The jawline and chin usually have the toughest whiskers. The neck is a problem area for many people starting out. What we think is "the grain" is often mistaken because the grain can change direction in different regions of the neck. You can try experimenting with passes in more of a diagonal direction. The reasons for irritation are usually things like too much pressure, shaving without good lather and going over the same area too many times. It might be better to try for a comfortable shave instead of the closest possible shave on the neck until you have practiced for at least a couple weeks.
 
Hi Aimless Wanderer, hi NorthernSoul,

thank you for your help and support ! :)

..."turn your feet" for a better shave.... I would never had such an idea myself...great! Will try that tomorrow (sometimes
the beard growth is simply too slow for a steep learning curve... ;) ).
I will keep a closer look to the directions of the grain at my neck!

Short questions:
Do you think it is possible, that one edge of a blade becomes dull much faster that the other one? Or is it just me...?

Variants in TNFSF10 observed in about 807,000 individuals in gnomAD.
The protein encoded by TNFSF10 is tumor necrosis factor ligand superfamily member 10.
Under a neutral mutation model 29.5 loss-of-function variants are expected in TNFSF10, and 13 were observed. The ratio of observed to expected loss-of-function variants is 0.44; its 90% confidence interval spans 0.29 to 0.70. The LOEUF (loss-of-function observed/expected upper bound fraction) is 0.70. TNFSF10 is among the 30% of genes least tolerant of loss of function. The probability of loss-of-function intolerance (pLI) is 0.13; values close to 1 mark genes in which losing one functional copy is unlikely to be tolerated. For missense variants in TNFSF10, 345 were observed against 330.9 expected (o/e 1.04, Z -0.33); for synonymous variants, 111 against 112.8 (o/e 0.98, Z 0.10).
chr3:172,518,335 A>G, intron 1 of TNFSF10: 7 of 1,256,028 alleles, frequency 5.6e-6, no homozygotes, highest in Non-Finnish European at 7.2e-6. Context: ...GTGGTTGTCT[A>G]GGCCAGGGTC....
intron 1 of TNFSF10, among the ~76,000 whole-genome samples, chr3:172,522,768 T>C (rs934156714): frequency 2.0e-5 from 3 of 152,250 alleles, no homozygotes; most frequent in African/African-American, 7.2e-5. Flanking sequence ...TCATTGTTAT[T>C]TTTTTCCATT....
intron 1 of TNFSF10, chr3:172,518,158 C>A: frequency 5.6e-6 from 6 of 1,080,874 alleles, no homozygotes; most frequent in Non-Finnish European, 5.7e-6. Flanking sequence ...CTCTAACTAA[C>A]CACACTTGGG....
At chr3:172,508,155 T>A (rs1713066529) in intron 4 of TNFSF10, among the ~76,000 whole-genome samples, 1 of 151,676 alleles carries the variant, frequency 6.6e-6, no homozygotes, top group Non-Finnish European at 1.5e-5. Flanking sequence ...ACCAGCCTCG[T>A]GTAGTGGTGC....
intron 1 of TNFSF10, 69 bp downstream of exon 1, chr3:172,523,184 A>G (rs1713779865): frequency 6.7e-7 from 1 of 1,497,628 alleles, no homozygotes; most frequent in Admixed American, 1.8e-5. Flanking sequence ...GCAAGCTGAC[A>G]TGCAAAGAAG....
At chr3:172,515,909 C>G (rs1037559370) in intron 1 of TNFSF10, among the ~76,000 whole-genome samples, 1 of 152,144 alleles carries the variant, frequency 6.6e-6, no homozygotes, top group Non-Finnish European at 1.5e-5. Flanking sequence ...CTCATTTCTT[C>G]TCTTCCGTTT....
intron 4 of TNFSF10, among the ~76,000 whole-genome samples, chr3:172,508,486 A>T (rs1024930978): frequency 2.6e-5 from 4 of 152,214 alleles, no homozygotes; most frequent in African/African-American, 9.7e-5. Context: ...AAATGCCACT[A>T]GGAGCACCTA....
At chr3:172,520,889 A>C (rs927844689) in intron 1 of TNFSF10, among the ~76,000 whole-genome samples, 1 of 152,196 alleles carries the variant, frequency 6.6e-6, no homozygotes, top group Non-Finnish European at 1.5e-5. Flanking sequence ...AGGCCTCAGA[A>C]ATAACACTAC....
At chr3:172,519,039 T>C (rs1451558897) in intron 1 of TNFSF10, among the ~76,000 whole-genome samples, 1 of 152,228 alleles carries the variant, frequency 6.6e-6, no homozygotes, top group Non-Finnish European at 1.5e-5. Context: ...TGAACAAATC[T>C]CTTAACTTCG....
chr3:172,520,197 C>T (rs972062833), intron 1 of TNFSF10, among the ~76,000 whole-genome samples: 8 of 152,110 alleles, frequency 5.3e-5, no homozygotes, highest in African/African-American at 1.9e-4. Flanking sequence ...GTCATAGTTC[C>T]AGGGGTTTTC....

(in this case: ASTRA Super Platinum)
What blade is said to be smoother than a Gillette 7'oclock Sharp Edge (yellow, from India I think) but equally sharp?
 

AimlessWanderer

Remember to forget me!
Short questions:
Do you think it is possible, that one edge of a blade becomes dull much faster that the other one?

Yes. I don't tend to use both sides of a double edged razor equally, and can often find one edge tiring faster than the other. Also, I tend to use on half of the edge more... think overlapping strokes, or the jawbone issue, where only part of the blade is in play. Flipping a blade periodically, helps me even out the wear along each edge, and towards the end of a blade life, I just have to keep shovelling the razor round to the "good edge", if I happen to pick it up the wrong way around.

What blade is said to be smoother than a Gillette 7'oclock Sharp Edge (yellow, from India I think) but equally sharp?

I would have said the Astra Platinum, but you're already using it :) You could however try Feather, Astra Stainless, or Gillette Platinums. Wilkinson Sword is another favourite of mine, but might lean too far towards smooth than sharp for you. Still worth a try though.